Filling the classroom

Back to TopCommentsE-mailPrintBookmark and Share

On recent cold, snowy morning, Peter Alexander was preparing for a trip to South Bend to make his pitch to potential students as to why his law school – which is not built, not opened and not accredited – is better than the established law schools.

The dean of Indiana Tech Law School was headed to the University of Notre Dame where he planned to meet privately with pre-law students one-on-one. He would show them a PowerPoint presentation, answer questions and tell the prospects how Indiana Tech’s approach will be different from convention.

What those students heard may not be that much different from what established law schools are telling them.

indtech-exterior-15col.jpg Construction of the building which will house the new Indiana Tech Law School is two months ahead of schedule and under budget. The school is scheduled to open in August.(Photo submitted)

Alexander is touting his curriculum as providing more real-world experience along with the traditional theory. Law clinics, classroom lectures by practicing attorneys and judges to explain how centuries-old legal precedent applies to the 21st century, and assigning a mentor to every law student are part of Indiana Tech’s integrated curriculum.

Even while law schools are looking to add more practical training for its students, critics are unimpressed with Alexander’s ideas. Peter Campos, law professor at the University of Colorado Law School, blogged that Indiana Tech was a “legal diploma mill in a hyper-saturated market” and dismissed Alexander’s assertions the school will be distinguished by its emphasis on ethics and professionalism.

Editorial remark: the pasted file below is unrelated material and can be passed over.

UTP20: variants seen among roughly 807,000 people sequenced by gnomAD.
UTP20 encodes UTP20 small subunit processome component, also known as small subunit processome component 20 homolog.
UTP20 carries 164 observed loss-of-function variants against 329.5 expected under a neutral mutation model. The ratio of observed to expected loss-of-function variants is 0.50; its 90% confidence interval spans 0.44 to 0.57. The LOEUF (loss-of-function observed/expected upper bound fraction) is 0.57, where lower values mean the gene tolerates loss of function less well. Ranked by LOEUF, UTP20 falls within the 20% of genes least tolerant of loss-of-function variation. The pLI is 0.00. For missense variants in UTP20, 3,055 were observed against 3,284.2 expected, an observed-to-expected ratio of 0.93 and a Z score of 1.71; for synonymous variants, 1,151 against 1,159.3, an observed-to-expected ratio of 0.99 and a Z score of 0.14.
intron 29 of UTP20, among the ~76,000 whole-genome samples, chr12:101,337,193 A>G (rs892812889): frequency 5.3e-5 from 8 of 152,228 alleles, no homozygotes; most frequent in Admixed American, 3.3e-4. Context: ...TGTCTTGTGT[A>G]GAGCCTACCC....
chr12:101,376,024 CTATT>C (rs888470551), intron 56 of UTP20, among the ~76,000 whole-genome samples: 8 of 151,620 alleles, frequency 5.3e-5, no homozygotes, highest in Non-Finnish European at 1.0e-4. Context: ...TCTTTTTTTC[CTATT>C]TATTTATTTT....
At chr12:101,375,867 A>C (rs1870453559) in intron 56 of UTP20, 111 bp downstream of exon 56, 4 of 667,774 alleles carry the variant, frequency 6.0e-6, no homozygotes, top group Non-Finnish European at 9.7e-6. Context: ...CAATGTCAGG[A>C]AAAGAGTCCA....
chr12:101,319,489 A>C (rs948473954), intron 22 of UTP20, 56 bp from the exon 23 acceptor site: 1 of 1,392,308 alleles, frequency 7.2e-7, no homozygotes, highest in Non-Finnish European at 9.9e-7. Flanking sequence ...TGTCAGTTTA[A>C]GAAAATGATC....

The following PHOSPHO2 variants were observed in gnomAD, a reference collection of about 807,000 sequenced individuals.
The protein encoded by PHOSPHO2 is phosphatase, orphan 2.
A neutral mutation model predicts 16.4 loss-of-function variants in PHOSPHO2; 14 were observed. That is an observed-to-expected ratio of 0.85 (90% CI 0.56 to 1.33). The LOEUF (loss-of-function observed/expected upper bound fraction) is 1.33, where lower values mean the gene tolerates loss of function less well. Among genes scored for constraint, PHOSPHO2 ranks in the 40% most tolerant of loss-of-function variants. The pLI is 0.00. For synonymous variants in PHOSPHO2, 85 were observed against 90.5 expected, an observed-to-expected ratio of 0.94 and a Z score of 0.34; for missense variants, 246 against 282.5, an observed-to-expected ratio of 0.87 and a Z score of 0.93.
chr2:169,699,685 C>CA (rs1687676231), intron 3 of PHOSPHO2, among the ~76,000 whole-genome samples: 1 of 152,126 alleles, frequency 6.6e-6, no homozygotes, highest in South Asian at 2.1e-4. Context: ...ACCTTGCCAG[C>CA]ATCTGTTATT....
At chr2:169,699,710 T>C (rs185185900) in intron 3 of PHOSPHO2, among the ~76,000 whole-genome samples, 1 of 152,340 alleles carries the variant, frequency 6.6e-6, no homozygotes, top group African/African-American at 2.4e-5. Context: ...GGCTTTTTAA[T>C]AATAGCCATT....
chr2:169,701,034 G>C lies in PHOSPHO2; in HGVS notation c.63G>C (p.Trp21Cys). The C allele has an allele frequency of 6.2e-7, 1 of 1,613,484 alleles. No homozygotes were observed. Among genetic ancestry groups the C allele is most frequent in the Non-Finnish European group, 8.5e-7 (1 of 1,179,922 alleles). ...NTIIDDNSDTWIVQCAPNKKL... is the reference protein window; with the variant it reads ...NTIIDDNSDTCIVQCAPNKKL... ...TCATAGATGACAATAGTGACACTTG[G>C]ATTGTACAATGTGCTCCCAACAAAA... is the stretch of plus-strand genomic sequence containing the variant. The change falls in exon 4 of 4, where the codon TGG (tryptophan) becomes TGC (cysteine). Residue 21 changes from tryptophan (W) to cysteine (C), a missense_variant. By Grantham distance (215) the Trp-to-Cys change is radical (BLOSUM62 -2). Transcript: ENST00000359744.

The Indiana Tech dean said his school is instituting the recommendations made in the 1992 “Legal Education and Professional Development: An Educational Continuum,” known as the MacCrate Report. Law schools created task forces after this report was published to determine how they could provide the education the report called for but, Alexander said, those schools have spent the past decades “naval gazing.”

As for Campos’ sharp comments, Alexander said the Colorado law professor feels threatened because at Indiana Tech “we don’t do the same cookie-cutter legal education like he’s doing.”

Construction on the new Indiana Tech Law School building on the Fort Wayne campus is currently two months ahead of schedule and under budget. In early December, the school announced it had received a collection of law books for its library from an anonymous donor.

To date, it has hired 10 faculty including the most recent addition of Judith Klaswick Fitzgerald, judge of the U.S. Bankruptcy Court for the Western District of Pennsylvania. Alexander said the school is looking to add one more faculty member.

Indiana Tech is still planning to open in August 2013 and an early indication of the school’s success will be its ability to attract students. The school has set the goal of 100 for the inaugural class and, although only 10 students have been admitted, Alexander remains optimistic the first class will reach the ambitious benchmark.

Students will not only have to buy Alexander’s pitch but also be willing to pay $29,500 for tuition with another $830 in fees.

Preparing for his trip to Notre Dame, Alexander was not worried.

“I really do believe our students will get a better value for their dollar,” he said.•


Post a comment to this story

We reserve the right to remove any post that we feel is obscene, profane, vulgar, racist, sexually explicit, abusive, or hateful.